CenturyLink's integrated team gearing up for EIS business
The public-facing portion of CenturyLink’s integration with Level 3 is now complete.
In the fall, CenturyLink announced the structure of its public sector team and last week named the leaders of those organizations.
“We’ve created an organized view for our customers,” said David Young, CenturyLink’s regional vice president of strategic government markets.
All leaders of the five customer-facing units and three horizontal organizations are in place. Also, the integration has moved down through the organization to individual operators.
Every customer knows who is in charge of their account; there is no longer a CenturyLink person and a Level 3 person.
“Everyone has a single face,” Young said. “That was our first goal.”
CenturyLink is still working on merging product lines and solutions. But as far as what the customer sees, it is a single organization, Young said.
The merger of CenturyLink and Level 3 closed on Nov. 1 to create a $24 billion a year telecommunications provider. CenturyLink gets about 75 percent of its revenue from enterprise customers such as the government.
The public sector group has 750 people coming together from heritage CenturyLink and Level 3 and Young said the integration moved quickly because that effort began as soon as the deal was announced in October 2016.
It took a year for the merger to be completed because as a telecommunications provider, the companies had more regulatory hurdles to clear than an IT company faces. Nearly 20 state utility commissions had to approve the deal.
While that was going on however, the companies planned their future structure and named several people as executives that would be leading operations of the new CenturyLink.
In fact, Level 3 re-hired Ed Morche, who led the company’s government business before leaving for a role at another company. Morche took on a post-close role as president of CenturyLink’s strategic enterprise, federal government and state government business.
Young announced his leadership team in the federal market on Feb. 15:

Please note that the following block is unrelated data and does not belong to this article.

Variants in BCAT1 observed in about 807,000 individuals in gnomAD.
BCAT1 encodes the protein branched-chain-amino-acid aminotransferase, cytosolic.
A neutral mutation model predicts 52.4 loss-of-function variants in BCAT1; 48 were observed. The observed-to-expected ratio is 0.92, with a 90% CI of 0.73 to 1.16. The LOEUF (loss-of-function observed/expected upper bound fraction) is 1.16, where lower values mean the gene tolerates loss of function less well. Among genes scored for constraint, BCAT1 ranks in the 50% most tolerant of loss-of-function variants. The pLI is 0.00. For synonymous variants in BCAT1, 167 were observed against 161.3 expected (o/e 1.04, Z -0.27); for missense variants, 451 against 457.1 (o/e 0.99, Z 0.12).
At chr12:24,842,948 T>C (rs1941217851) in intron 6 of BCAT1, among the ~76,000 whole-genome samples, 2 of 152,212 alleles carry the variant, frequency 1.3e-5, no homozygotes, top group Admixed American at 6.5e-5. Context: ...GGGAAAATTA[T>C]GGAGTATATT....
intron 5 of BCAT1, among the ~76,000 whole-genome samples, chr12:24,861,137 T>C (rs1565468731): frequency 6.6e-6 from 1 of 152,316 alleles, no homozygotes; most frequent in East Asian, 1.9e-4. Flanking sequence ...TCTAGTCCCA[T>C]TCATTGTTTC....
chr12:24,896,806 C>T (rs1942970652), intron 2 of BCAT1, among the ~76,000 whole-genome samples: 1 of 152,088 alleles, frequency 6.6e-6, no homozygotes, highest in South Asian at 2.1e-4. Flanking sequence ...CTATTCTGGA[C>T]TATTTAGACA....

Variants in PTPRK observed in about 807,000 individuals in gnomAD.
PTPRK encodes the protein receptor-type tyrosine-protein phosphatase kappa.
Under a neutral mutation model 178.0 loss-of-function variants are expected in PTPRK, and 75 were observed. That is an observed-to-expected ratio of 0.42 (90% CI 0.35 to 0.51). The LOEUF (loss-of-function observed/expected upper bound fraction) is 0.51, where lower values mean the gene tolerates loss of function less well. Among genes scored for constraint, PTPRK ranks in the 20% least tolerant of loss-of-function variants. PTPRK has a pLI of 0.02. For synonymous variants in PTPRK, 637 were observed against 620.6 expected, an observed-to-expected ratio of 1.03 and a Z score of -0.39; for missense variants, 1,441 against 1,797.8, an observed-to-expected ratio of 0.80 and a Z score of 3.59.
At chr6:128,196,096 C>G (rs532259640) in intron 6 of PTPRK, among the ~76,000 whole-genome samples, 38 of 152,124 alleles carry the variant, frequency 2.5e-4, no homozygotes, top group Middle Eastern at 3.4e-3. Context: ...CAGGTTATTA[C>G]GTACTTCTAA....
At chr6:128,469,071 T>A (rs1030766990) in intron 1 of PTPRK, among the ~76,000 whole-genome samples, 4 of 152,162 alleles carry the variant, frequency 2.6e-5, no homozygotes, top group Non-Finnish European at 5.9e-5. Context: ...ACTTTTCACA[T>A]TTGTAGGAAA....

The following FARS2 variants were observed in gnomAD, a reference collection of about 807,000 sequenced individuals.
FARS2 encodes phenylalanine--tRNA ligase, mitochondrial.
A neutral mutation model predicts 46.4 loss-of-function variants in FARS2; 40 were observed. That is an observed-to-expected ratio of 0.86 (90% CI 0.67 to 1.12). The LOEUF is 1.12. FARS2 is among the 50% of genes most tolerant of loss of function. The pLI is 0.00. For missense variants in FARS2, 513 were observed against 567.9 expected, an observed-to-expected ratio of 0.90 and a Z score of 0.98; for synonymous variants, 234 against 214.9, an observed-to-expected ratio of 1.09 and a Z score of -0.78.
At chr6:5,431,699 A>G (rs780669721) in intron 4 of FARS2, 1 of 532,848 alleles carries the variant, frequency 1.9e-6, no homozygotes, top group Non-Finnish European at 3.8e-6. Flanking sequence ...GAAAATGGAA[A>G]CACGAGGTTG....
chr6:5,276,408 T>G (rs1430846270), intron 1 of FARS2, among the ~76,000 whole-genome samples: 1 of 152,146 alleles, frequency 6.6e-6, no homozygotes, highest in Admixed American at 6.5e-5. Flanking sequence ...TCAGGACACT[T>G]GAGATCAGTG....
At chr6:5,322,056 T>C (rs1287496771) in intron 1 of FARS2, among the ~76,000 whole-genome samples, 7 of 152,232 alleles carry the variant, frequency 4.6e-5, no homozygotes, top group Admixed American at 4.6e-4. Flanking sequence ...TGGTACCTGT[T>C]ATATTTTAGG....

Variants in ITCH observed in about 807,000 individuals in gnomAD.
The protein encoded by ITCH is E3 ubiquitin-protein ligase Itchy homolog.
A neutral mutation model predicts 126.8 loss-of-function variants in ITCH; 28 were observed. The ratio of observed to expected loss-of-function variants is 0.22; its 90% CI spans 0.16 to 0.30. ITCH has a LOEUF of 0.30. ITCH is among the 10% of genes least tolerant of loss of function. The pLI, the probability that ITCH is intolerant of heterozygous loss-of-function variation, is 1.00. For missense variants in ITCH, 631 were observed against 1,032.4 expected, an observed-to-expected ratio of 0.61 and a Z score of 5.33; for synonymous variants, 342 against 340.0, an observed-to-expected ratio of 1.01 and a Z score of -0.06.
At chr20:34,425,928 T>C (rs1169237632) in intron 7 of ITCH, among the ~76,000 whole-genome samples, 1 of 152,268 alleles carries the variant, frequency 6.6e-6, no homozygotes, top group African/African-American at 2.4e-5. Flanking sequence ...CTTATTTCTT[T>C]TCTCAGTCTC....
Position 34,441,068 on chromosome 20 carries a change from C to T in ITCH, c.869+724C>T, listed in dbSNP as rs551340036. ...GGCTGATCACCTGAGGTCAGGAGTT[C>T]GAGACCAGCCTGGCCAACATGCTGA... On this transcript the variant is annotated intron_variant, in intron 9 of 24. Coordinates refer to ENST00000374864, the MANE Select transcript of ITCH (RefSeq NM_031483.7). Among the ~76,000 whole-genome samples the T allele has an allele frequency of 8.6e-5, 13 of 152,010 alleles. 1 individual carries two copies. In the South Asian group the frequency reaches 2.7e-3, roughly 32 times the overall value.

- Scott Barnett: vice president, Defense Department sales
- Zain Ahmed: senior director, civilian sales
- Cynthia Shelton: senior director, special programs sales
- Gil Brown: director, defense industrial base and federal carriers
- Craig Cupach: director, research and education sales
- Lisa Bruch: senior director, government strategy
- Seana Gilliland: vice president, program management office
- John Shuttleworth: director, sales engineering
The first five are vertical groups are focused on specific customer sets and the last three work across all customer groups, Young said.
One part of his structure that stood out to me is the defense industrial base and federal carriers unit. The group supports other contractors particularly defense contractors. This includes working as a subcontractor on projects but also supporting their own infrastructure needs.
Young said this sets CenturyLink apart from competitors, who tend to turn that infrastructure piece over to their commercial enterprise business units.
The integration work has come together at an important time in the market as the General Services Administration moves forward with the Enterprise Infrastructure Solutions contract.
CenturyLink and nine other companies won spots on the $50 billion telecommunications vehicle. The award came before the CenturyLink and Level 3 merger closed and both companies won a position. But those will be consolidated into a single contract for CenturyLink.
Young said that by this summer he expects all of the EIS contractors to have their ATOs or “authority to operate” approved by GSA. Several agencies have already issued solicitations but awards cannot be made until the ATOs are in place.
EIS will be an important vehicle over the next several years as agencies transition from the current Networx contract to EIS.
The move from Networx to EIS is an opportunity for government customers to transform their infrastructure and how it is managed, Young said.
Having that customer-facing organization in place is critical, he said.
“We are already out in the marketplace with our customers,” Young said. “Our people are in their roles.”
Posted by Nick Wakeman on Feb 26, 2018 at 12:13 PM